Hibernation is a dormant state that some animals enter seasonally. During hibernation, animals do not eat. They drink very little and spend most of their time physically inert. True hibernation is only done by warm-blooded animals during cold weather when food is also scarce. However, in common usage all types of seasonal animal dormancy are usually called "hibernation."
The technical terms for different types of dormancy are diapause, a genetically determined seasonal suspension of physical development performed by invertebrates and some mammals during cold weather; brumation, seasonal cold-weather dormancy of some cold-blooded vertebrates; and estivation, dormancy during hot, dry weather performed by some invertebrates and cold-blooded vertebrates.
Hibernating Mammal Pets
Hamsters, duprasi or fat-tailed gerbils, deer mice, prairie dogs and skunks can fall into a brief, hibernation-like state called torpor if they are exposed to cooling temperatures and shortening daylight. Hamsters also can estivate in hot weather. Hedgehogs hibernate and estivate. These states protect wild animals from environmental extremes, but allowing your pet to enter them can be deadly.
Torpor, estivation and hibernation in captive mammals are signs that something in the animal's environment is causing stress. Pet owners are advised to prevent such stress by keeping all mammal pets at normal room temperature and providing fresh food and clean water daily.
There are three species of dwarf fat-tailed lemur who hibernate. It is ill-advised to keep any primate as a pet. Most states ban such pets or have strict regulations and require a permit to keep them in captivity. Lemurs are critically endangered. It is illegal to import them into the U.S. for the pet trade and to transport them across state lines.
Pet Reptile Brumation
Reptiles are an extremely diverse group. Each species has specialized needs. It is not possible to make a statement that applies to all reptiles as behavior varies strongly between as well as within species. However, most reptile pets kept indoors at normal room temperatures or under heat lamps, with consistent periods of daylight, will not hibernate.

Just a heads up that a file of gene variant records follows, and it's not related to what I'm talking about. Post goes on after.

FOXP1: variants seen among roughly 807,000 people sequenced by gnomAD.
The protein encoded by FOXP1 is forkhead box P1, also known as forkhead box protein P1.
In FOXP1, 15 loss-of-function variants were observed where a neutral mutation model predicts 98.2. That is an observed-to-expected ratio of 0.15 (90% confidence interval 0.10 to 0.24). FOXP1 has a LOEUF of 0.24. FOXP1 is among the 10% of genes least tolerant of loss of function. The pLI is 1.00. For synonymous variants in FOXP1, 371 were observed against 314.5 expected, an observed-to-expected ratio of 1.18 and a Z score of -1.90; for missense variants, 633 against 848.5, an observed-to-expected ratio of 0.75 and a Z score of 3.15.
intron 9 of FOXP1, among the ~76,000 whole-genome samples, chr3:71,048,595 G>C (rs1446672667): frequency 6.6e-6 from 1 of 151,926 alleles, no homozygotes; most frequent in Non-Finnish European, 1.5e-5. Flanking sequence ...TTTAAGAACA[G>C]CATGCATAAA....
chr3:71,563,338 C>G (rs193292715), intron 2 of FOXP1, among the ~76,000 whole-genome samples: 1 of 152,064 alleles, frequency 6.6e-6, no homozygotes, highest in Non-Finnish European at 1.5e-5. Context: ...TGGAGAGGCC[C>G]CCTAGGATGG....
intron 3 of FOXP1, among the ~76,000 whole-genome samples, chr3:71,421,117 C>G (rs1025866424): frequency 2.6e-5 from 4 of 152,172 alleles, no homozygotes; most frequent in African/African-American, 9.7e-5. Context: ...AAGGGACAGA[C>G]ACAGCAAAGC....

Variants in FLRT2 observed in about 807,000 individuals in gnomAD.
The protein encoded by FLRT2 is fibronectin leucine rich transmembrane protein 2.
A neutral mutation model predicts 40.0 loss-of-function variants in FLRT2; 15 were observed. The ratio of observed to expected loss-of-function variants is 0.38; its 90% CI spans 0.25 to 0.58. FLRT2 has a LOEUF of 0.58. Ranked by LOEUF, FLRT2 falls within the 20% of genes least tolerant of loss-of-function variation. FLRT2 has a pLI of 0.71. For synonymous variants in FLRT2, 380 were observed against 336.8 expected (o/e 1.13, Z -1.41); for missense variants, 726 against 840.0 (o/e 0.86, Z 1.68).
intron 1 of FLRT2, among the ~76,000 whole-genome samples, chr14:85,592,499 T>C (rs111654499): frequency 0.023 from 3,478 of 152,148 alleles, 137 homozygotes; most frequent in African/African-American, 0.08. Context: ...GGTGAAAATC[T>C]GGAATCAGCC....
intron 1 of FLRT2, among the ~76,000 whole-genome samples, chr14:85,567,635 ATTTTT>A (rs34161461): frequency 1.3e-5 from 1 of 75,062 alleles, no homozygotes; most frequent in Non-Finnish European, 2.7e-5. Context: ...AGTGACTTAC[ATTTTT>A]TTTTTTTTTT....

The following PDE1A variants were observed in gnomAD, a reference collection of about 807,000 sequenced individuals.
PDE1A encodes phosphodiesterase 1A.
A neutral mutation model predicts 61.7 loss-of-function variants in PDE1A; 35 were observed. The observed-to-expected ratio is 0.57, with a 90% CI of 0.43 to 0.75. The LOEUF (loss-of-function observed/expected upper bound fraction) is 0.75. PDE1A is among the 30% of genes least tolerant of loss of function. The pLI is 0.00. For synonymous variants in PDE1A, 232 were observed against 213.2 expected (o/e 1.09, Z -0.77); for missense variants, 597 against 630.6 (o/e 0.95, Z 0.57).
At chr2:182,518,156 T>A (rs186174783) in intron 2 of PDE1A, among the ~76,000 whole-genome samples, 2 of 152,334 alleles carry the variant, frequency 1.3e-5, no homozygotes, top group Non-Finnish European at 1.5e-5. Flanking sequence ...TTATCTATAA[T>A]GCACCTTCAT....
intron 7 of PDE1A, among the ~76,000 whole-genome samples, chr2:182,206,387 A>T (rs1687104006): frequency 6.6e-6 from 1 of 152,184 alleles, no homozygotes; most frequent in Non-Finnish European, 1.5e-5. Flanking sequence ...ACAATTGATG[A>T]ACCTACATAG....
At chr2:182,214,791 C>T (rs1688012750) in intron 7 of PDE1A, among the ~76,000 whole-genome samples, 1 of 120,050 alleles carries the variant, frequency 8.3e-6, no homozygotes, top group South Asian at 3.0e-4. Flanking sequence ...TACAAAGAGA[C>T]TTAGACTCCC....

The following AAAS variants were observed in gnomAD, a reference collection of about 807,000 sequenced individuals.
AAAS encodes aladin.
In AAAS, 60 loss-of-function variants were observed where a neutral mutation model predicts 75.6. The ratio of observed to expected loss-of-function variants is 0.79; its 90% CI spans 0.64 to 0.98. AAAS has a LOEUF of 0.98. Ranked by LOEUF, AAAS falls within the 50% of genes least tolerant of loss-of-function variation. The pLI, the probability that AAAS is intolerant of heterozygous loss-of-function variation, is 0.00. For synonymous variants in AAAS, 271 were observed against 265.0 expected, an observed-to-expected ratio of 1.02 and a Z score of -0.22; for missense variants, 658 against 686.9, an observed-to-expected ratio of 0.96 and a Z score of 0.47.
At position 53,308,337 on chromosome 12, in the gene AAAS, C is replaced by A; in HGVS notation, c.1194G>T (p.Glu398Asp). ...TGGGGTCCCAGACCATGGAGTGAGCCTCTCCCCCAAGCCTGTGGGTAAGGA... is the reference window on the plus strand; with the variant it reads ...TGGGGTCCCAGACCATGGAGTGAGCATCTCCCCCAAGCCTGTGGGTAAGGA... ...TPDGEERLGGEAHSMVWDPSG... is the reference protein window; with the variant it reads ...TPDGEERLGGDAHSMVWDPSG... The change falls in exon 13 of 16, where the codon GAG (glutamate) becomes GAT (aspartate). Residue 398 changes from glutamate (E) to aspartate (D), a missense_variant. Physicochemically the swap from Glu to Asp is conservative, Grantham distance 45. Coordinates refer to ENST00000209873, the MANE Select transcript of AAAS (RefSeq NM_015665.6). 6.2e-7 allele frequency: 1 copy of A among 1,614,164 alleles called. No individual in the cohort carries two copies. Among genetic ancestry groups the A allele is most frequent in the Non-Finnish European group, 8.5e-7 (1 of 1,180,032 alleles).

* Consult a veterinarian who has experience with your pet's species before attempting hibernation. * Hibernation is unnecessary for most indoor snakes, turtles and tortoises unless you plan to breed them. * Only species from temperate climates brumate. * Never attempt to hibernate a species from a tropical climate.
Occasionally, a pet snake will insist on hibernating regardless of what you do. This is most common for kingsnakes and their close relatives, milk snakes. A snake who wants to hibernate usually will refuse food and act agitated for an extended period of time in the late fall. If you must allow your snake to brumate, move her enclosure to a secure location where temperatures are below 60 degrees Fahrenheit but above freezing and light levels are low. Provide a hiding place and clean water but do not offer food. Most snakes will brumate for about 12 weeks and should be gradually warmed and exposed to increasing daylight over a period of several days before feeding.
Any snake who appears to be ill or shedding should be removed from hibernation. Do not allow a snake to freeze. Pneumonia and other respiratory infections are common killers of hibernating snakes. Never allow an ill or underweight animal to hibernate.
Pet turtles and tortoises kept outdoors in mild climates usually brumate as needed without intervention. They become dormant and emerge again as temperatures and daylight dictate.
Other Exotic Pets
Some species of frog, fish and arthropod brumate, estivate or enter torpor in the wild based on environmental conditions. Most kept in captivity at steady temperatures, consistent daylight and with a regular supply of appropriate food and clean water do not need to and will not try to enter dormancy. If you think there is a compelling reason to hibernate one of these animals (such as for breeding) or if your pet's attempts to hibernate are persistent, consult an experienced veterinarian or husbandry association for instructions. Never attempt to force an animal to hibernate or assume that's what she's doing without seeking expert advice.
Do not try to help an exotic pet hibernate if you don't know its species and its particular needs. Hibernation is unnecessary for most captive animals and attempts to do so may be a sign of illness or poor living conditions.